The post title lies somewhat: these are links over the last two weeks, not one. I've been slacking off of blogging in order to finish up three articles and work on the book. So here's what was on offer on my Forbes blog over the last fortnight:
- Mass Grave Reveals Ottoman Soldiers Fought to the Death in 16th Century Romania. Now, the archaeologists haven't conclusively proven the soldiers were Ottoman, but they make a really strong circumstantial case for historical identification of these men. (This post also bears the dubious distinction of garnering my very first troll at Forbes.)
- How Grave Robbers and Medical Students Helped Dehumanize 19th Century Blacks and the Poor. Ken Nystrom sent me his latest work on structural violence seen in dissections from two upstate NY poorhouses, which is very interesting. To this, I added some info from Carlina de la Cova's work on structural violence and pulled in an article by James Davidson on dissection and grave robbing from a black cemetery in Dallas. It's important to understand how medical education was built on the desecration of poor and black graves/bodies in the 19th and early 20th centuries.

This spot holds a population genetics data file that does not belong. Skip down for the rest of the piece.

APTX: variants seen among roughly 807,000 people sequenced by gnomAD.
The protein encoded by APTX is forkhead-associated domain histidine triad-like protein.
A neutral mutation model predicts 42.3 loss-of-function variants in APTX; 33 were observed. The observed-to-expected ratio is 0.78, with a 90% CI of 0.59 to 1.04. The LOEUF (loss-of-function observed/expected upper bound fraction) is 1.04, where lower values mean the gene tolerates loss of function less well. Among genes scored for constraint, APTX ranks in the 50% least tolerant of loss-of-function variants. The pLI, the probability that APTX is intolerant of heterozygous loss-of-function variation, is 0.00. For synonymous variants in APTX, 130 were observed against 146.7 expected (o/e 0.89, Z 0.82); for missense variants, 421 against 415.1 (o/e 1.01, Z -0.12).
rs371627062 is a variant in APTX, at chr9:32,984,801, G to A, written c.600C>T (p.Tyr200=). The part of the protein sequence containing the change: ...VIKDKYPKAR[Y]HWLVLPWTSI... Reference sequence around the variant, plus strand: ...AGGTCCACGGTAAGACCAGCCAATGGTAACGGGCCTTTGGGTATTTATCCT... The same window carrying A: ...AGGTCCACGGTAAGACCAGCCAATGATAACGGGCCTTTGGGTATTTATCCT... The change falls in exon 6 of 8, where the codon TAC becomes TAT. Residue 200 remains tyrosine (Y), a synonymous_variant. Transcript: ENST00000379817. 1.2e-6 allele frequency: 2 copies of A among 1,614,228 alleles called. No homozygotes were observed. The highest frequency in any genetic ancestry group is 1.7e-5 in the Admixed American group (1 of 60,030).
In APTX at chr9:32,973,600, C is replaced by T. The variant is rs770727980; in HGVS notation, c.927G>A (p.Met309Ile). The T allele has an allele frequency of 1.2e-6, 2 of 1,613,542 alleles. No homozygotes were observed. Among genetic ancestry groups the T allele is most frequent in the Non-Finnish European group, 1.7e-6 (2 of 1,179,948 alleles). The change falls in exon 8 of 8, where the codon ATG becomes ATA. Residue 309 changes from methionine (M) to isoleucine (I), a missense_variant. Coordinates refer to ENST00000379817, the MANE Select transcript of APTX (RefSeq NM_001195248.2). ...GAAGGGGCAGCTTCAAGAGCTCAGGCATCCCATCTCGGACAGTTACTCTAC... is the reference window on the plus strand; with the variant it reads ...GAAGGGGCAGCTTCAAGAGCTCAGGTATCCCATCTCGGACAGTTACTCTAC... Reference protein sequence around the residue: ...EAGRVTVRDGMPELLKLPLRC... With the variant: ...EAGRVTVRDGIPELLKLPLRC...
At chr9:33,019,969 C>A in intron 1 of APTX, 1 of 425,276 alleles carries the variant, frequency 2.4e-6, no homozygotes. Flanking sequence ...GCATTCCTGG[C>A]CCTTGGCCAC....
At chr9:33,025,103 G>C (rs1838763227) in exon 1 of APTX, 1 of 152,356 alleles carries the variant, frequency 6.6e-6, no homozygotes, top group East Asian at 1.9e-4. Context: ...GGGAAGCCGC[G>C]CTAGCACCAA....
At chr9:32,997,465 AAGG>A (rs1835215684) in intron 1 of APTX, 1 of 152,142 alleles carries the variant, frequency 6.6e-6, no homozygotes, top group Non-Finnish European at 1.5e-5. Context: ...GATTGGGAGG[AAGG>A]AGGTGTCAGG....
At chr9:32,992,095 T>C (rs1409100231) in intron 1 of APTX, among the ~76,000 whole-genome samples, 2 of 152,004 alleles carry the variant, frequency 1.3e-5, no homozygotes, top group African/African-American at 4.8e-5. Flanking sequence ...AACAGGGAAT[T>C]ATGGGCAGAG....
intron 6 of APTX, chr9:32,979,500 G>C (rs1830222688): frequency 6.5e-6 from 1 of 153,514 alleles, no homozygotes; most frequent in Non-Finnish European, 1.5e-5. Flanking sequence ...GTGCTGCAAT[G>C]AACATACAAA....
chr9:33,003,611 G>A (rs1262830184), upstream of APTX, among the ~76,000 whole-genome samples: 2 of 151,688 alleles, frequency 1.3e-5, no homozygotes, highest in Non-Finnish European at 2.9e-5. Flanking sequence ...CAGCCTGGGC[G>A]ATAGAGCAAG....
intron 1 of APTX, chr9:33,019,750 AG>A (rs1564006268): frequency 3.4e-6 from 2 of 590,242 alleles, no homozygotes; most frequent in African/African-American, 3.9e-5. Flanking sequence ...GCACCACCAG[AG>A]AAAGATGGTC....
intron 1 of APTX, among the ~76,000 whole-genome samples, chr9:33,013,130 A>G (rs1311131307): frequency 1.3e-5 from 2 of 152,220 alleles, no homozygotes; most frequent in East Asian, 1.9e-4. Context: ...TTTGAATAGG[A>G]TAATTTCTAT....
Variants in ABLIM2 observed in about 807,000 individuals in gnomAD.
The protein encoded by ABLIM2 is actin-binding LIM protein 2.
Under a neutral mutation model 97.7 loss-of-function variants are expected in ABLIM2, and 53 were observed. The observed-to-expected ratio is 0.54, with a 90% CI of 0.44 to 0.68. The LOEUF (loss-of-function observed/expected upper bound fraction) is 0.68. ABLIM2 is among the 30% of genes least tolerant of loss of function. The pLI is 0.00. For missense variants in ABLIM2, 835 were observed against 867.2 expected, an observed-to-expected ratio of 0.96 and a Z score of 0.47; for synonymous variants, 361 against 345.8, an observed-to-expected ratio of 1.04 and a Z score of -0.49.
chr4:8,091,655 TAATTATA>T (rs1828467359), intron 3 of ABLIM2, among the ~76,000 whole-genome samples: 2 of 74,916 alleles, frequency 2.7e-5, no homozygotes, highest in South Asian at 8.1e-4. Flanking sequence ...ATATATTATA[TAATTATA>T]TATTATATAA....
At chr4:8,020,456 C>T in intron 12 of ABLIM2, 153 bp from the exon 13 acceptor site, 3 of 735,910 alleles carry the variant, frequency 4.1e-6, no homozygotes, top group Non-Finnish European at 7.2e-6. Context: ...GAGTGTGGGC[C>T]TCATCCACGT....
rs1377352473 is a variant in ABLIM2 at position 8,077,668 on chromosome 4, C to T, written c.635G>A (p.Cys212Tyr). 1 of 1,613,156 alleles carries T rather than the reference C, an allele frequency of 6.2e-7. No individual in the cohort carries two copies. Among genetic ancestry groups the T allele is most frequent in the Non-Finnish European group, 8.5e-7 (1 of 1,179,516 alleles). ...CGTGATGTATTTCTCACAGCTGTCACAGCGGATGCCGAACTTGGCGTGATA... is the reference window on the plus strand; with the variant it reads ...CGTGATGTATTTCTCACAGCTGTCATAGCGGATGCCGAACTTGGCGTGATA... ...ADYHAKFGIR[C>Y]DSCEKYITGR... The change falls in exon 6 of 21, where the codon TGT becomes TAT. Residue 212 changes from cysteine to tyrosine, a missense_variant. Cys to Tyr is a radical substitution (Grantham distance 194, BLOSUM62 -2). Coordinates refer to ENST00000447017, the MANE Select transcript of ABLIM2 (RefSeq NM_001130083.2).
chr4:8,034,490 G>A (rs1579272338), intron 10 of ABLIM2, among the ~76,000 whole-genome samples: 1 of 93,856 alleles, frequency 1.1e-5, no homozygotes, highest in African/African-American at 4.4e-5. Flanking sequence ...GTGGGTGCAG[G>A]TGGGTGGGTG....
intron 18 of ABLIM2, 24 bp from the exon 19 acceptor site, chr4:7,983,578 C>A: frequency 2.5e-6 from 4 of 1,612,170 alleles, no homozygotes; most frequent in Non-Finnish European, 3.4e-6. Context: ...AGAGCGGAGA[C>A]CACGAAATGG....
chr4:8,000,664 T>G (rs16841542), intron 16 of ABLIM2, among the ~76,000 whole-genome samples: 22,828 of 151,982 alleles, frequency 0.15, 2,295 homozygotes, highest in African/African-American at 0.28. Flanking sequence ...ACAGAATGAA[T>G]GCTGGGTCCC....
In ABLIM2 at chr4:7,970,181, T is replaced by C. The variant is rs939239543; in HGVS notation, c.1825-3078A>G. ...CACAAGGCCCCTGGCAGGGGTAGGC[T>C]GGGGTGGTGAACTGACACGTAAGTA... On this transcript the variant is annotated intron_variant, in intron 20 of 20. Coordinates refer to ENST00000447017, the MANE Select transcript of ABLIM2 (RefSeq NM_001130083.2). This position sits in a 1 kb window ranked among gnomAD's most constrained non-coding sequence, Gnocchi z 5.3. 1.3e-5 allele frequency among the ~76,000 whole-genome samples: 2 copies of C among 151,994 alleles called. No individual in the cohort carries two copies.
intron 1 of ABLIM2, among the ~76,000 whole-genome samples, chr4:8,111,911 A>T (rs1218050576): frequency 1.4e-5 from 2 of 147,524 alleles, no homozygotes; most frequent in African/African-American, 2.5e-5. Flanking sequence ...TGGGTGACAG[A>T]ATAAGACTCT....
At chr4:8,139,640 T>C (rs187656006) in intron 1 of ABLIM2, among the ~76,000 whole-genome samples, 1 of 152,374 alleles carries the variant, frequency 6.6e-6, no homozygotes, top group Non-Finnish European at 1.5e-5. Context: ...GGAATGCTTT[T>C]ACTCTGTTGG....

- The Ashes of Pluto's Discoverer Are Also Flying on New Horizons. Everyone on the Forbes Science team wanted to get in on the awesome science party that is the new view of Pluto. I posted this brief bit about the cremains of Clyde Tombaugh, who discovered Pluto, going further in the universe than human remains ever have.
- Not All Strange Burials Are Vampires or Zombies, Archaeologists Warn. This may seem like a no-duh headline for bioarchaeologists, but the paper it's based on, freely accessible in PLOS, is interesting. It's a rare example of synthesis of bioarchaeological information, across the Roman Empire during the 1st-5th centuries. So that doesn't mean that the later examples in Eastern Europe aren't "revenant" burials. But it does mean that there's no good evidence from the Empire that irregular burials are even all that irregular.